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Clinical Trials 101

Hatshepsut's picture
Hatshepsut
Posts: 340
Joined: Nov 2006

In my effort to build my husband's "Plan B" for treatment should his current regimen (which we are told is his last chance with currently-approved colon cancer drugs) fall short, I need to educate myself about clinical trials.

How does a clinical trial work?

I have a gazillion questions:

1. How do you research what clinical trials are available? I read on this board somewhere today about an oncologist who simply told his patient to find a clinical trial. What?

2. When I contacted a noted researcher in Southern California recently, he commented that there are a lot of disqualifying criteria applied to applicants for clinical trials. Specifically, he noted that my husband, because he has a fistula, would be disqualified from a number of trials. Once I know how to research clinical trials, how do I determine which trials would be open to my husband? Or, does one connect with an oncologist specializing in clinical trials to sort things out?

3. Given my husband's stage IV status, would we want to be involved in early trials? (Maybe I don't understand the terminology, but stage I and II trials look like early trials to me.)

4. Does insurance cover the cost of clinical trials.

5. What about trials that put some participants on placebos? That sounds pretty dangerous to my husband, given the aggressive nature of his cancer.

I confess that I'm so new to this subject that I don't even know the proper questions to ask. For those of you who are experienced in this area, are there other considerations I/we should be concerned about resolving.

Thank you.

Hatshepsut

P.S. I don't know how long it is supposed to take to determine if a chemotherapy plan is working. Any ideas? In my husband's case, he had a definite 2-5 (on the hospital scale) pain in the area of the mass in his abdominal wall that lasted for weeks. He started Xeloda a couple of weeks ago and had his first Vectibix/Oxyliaplatin infusion at the end of March. His pain is gone. I know I want good news, but I'm hoping that that is a sign that Plan A is working.

AnneCan
Posts: 3692
Joined: Oct 2009

Hi Hatshepsut,

I don't know much about clinical trials, sorry, someone else will help you there. I am really happy your husband's pain is gone, I think that is a good sign. Soon after I began the chemo treatment I am on, I really felt it was working. My body felt different. I had a CT scan after 4 treatments + it confirmed that it was working. Best wishes to both of you.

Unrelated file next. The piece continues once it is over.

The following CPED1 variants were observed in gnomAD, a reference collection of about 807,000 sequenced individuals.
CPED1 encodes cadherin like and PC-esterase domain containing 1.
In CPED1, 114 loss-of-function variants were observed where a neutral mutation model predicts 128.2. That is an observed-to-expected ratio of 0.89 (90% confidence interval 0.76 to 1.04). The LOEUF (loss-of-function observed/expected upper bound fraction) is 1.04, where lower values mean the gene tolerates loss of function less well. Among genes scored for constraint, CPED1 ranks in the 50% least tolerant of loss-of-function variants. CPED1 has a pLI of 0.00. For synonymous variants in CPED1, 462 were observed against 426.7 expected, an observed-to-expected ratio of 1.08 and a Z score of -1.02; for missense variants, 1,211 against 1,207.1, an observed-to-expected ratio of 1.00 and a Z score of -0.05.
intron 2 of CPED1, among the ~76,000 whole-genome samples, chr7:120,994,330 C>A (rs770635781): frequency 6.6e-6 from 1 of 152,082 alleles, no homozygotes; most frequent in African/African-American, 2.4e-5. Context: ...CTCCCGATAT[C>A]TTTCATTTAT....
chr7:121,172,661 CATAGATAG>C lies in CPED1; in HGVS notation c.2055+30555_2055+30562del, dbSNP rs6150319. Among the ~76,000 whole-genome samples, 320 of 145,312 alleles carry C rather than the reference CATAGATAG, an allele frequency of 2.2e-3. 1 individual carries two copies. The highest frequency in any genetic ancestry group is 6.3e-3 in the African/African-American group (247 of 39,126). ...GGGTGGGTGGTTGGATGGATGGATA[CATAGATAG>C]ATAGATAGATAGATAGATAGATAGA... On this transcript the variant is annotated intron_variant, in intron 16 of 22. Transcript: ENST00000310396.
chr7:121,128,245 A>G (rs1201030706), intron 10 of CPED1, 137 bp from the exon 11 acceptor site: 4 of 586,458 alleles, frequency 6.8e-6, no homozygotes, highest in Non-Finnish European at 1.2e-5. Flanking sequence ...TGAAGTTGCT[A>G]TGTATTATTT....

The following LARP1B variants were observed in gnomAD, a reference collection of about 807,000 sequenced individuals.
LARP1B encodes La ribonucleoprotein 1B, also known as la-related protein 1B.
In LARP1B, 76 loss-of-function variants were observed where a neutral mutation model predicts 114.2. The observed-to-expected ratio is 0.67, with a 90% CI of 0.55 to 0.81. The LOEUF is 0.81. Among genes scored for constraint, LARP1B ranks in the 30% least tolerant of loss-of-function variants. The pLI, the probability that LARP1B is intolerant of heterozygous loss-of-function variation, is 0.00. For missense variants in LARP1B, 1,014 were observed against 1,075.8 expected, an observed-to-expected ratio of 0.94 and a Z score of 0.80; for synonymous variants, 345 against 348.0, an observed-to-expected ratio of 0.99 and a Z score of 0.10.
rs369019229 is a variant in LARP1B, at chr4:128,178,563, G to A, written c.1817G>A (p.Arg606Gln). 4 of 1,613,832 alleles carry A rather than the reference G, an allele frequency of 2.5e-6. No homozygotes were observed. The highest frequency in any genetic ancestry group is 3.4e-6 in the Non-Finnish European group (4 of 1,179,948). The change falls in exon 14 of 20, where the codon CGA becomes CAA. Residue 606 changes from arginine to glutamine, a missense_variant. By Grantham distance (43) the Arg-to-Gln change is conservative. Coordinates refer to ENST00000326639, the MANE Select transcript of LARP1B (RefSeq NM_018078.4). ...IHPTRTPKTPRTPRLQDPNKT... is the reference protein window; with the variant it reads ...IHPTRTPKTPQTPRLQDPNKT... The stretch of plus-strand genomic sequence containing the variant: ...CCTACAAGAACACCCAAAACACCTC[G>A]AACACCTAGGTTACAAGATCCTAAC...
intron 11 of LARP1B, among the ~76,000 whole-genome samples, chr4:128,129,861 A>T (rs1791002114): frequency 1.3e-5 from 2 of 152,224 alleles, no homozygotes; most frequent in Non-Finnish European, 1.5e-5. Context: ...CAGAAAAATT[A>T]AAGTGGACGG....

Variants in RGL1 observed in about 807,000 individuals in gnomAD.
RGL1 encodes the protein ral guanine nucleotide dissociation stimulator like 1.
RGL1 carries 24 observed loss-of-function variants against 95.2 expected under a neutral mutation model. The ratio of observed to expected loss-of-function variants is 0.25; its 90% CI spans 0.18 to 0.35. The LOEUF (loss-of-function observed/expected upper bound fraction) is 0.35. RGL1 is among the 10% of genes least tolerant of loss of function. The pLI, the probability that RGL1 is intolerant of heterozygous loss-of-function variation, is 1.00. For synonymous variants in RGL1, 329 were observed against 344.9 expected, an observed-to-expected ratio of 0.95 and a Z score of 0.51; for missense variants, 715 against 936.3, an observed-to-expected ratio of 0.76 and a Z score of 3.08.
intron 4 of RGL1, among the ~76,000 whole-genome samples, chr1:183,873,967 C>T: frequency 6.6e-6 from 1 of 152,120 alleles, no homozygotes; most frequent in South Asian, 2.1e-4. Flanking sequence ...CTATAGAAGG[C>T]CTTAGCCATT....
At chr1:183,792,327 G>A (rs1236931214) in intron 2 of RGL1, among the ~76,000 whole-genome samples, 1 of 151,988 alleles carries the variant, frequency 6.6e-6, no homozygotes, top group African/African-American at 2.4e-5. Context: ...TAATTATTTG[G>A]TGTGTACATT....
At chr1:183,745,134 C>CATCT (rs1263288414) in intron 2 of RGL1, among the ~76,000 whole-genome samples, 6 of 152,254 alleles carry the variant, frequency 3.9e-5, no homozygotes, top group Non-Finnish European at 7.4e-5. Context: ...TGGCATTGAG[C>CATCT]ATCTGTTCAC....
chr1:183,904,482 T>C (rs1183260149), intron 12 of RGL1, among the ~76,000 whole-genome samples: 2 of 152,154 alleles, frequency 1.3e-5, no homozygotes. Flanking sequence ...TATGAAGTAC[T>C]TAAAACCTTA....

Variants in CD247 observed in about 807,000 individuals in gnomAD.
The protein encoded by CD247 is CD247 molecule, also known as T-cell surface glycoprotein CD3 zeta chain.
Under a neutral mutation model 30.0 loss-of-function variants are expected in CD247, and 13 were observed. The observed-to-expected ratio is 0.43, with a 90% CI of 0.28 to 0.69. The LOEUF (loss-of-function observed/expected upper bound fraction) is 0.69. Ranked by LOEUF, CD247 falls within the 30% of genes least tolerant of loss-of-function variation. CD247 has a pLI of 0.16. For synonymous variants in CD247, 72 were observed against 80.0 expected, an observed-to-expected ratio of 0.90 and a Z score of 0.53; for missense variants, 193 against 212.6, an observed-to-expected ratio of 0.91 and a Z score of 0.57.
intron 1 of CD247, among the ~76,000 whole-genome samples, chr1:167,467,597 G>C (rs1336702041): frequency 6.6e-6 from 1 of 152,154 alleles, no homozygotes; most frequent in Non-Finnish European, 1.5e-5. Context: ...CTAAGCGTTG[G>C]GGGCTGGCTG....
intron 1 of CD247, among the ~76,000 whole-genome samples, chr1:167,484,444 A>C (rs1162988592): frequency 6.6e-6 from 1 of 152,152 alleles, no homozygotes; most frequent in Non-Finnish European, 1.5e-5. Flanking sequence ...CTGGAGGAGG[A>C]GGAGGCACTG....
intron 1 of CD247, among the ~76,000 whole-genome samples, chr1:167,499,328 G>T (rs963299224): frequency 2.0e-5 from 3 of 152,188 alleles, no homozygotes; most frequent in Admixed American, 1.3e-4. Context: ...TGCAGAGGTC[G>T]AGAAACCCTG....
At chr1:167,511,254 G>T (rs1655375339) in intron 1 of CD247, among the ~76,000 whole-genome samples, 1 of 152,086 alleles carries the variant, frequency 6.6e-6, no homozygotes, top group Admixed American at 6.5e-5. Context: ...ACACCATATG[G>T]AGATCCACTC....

mom_2_3
Posts: 965
Joined: Nov 2008

Hatshepsut,

I am not overly verseed in clinical trials although I am currently a participant in one for my oncologist (efficacy of adjvuvant HAI treatment after liver resection).

I know you are a great researcher and the information below is rudimentary but thought I would respond in any case.

1. Go to http://clinicaltrials.gov/ and select "advanced search." You can enter appropriate criteria. I just searched for "colon" and open and had over 900 matches. You will need to wade through these.

2. For each study there are exclusion criteria. I checked out one (http://clinicaltrials.gov/ct2/show/NCT00826800?term=colon&recr=Open&rank=15) and see that fistula is in fact an exclusion criteria. There may be an ability to search on "-fistula" in order to exclude those studies but I haven't looked into the search engine operators too much. My husband is telling me to go to sleep so I havel limited time right now. The bigger issue may in fact be age as many of the studies have age ranges that fall outside your husband's age.

3. As you mentioned, Stage I and II designed to determine safety issues with a particular therapy and Stage III is for determining efficacy. My personal opinion is that I would participate in II or III if necessary.

4. Insurance reimbursement depends on your carrier, plan and study. None of the costs of the study I am in have been "picked up" by the study itself but by our insurance. You will need to look into this further but my impression is that the more the therapy is untried the less likely it is insurance will cover it.